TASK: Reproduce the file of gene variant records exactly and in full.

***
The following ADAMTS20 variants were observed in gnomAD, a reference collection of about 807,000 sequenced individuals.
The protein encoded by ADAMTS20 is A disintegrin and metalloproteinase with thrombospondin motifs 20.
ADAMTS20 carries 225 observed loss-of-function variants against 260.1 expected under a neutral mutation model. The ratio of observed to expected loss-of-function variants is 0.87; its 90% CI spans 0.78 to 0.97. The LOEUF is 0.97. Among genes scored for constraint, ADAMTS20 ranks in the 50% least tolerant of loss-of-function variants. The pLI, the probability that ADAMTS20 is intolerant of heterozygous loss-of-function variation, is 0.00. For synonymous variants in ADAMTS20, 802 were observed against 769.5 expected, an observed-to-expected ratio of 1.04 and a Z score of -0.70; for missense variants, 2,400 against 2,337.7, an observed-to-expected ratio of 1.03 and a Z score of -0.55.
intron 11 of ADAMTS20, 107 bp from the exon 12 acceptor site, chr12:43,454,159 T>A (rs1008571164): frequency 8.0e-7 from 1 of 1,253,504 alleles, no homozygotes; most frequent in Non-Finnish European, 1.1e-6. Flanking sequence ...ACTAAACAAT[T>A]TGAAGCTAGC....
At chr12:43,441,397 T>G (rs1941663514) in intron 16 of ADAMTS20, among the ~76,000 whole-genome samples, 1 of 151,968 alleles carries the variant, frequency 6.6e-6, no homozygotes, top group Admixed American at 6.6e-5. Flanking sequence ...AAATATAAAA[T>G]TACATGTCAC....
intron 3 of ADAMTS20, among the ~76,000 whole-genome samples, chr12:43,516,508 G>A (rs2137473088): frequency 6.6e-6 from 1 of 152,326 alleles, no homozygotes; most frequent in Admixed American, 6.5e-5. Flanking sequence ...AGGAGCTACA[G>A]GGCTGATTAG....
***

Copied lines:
The following ADAMTS20 variants were observed in gnomAD, a reference collection of about 807,000 sequenced individuals.
The protein encoded by ADAMTS20 is A disintegrin and metalloproteinase with thrombospondin motifs 20.
ADAMTS20 carries 225 observed loss-of-function variants against 260.1 expected under a neutral mutation model. The ratio of observed to expected loss-of-function variants is 0.87; its 90% CI spans 0.78 to 0.97. The LOEUF is 0.97. Among genes scored for constraint, ADAMTS20 ranks in the 50% least tolerant of loss-of-function variants. The pLI, the probability that ADAMTS20 is intolerant of heterozygous loss-of-function variation, is 0.00. For synonymous variants in ADAMTS20, 802 were observed against 769.5 expected, an observed-to-expected ratio of 1.04 and a Z score of -0.70; for missense variants, 2,400 against 2,337.7, an observed-to-expected ratio of 1.03 and a Z score of -0.55.
intron 11 of ADAMTS20, 107 bp from the exon 12 acceptor site, chr12:43,454,159 T>A (rs1008571164): frequency 8.0e-7 from 1 of 1,253,504 alleles, no homozygotes; most frequent in Non-Finnish European, 1.1e-6. Flanking sequence ...ACTAAACAAT[T>A]TGAAGCTAGC....
At chr12:43,441,397 T>G (rs1941663514) in intron 16 of ADAMTS20, among the ~76,000 whole-genome samples, 1 of 151,968 alleles carries the variant, frequency 6.6e-6, no homozygotes, top group Admixed American at 6.6e-5. Flanking sequence ...AAATATAAAA[T>G]TACATGTCAC....
intron 3 of ADAMTS20, among the ~76,000 whole-genome samples, chr12:43,516,508 G>A (rs2137473088): frequency 6.6e-6 from 1 of 152,326 alleles, no homozygotes; most frequent in Admixed American, 6.5e-5. Flanking sequence ...AGGAGCTACA[G>A]GGCTGATTAG....